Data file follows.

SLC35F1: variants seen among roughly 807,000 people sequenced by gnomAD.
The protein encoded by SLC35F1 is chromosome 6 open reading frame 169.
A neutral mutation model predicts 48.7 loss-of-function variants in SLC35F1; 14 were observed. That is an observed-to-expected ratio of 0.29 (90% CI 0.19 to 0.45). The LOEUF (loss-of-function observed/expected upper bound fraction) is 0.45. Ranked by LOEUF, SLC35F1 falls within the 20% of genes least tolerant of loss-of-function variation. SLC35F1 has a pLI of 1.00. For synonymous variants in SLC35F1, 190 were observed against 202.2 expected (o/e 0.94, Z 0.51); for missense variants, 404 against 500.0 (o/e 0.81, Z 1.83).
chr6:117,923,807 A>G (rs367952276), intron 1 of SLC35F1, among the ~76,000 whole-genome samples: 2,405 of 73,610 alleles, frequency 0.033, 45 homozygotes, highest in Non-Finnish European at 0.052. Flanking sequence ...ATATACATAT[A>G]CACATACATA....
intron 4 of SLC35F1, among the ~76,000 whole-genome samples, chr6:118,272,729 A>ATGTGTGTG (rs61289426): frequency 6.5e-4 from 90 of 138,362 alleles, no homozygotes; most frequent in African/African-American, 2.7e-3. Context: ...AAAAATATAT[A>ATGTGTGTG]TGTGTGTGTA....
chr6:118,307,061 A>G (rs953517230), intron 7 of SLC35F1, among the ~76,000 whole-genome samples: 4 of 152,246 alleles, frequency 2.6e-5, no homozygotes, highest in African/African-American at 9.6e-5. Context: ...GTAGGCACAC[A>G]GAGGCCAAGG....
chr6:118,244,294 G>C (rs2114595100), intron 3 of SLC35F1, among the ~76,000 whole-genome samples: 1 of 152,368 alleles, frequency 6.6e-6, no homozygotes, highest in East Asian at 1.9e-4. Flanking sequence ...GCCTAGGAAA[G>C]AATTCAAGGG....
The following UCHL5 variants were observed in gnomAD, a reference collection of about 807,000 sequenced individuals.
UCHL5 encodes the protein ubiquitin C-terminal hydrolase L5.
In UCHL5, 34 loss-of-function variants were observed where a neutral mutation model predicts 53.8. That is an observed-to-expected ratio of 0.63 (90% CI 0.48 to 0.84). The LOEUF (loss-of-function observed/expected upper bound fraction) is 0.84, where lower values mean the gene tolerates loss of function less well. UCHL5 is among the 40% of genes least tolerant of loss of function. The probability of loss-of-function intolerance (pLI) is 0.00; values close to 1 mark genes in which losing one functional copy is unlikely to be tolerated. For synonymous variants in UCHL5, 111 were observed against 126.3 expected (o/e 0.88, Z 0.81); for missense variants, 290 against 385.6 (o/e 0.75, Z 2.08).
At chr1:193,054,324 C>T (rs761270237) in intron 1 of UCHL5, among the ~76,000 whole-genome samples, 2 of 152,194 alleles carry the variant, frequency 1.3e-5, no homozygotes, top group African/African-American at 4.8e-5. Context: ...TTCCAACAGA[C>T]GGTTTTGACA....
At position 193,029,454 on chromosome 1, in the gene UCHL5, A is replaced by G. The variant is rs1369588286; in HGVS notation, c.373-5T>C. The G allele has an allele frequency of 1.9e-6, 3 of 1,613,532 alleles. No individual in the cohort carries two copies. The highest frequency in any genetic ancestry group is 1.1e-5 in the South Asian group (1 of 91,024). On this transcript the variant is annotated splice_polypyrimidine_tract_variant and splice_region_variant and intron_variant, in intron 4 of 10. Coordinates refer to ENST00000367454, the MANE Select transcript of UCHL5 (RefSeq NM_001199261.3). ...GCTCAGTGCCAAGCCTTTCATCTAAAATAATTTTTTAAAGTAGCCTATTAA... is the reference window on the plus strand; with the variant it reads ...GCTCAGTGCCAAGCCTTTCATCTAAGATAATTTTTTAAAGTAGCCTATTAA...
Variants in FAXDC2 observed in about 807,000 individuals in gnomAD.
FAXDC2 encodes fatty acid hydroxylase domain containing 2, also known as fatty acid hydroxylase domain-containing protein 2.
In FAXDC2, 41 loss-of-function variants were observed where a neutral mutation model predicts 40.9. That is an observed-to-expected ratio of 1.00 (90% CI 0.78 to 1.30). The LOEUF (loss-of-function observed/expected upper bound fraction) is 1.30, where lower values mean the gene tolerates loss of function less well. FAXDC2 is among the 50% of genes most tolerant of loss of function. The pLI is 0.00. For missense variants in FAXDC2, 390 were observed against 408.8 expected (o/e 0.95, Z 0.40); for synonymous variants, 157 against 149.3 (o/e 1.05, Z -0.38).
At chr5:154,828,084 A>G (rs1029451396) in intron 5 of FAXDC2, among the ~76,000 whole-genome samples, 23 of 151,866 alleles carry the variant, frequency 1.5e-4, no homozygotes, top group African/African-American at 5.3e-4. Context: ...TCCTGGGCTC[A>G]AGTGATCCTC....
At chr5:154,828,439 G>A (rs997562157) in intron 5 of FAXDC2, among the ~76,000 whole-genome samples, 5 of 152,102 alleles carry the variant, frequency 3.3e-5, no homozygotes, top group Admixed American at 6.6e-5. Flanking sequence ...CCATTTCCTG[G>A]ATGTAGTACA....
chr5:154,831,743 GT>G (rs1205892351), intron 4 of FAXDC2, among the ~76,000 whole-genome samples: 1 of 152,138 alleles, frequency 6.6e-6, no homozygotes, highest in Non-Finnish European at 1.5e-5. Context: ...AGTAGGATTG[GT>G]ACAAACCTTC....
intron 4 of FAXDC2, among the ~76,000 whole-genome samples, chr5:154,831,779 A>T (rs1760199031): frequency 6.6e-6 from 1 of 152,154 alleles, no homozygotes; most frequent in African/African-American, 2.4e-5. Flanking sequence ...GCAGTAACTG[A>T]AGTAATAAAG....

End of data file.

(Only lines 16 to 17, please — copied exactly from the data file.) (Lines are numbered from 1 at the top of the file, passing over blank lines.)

At chr5:154,828,084 A>G (rs1029451396) in intron 5 of FAXDC2, among the ~76,000 whole-genome samples, 23 of 151,866 alleles carry the variant, frequency 1.5e-4, no homozygotes, top group African/African-American at 5.3e-4. Context: ...TCCTGGGCTC[A>G]AGTGATCCTC....
At chr5:154,828,439 G>A (rs997562157) in intron 5 of FAXDC2, among the ~76,000 whole-genome samples, 5 of 152,102 alleles carry the variant, frequency 3.3e-5, no homozygotes, top group Admixed American at 6.6e-5. Flanking sequence ...CCATTTCCTG[G>A]ATGTAGTACA....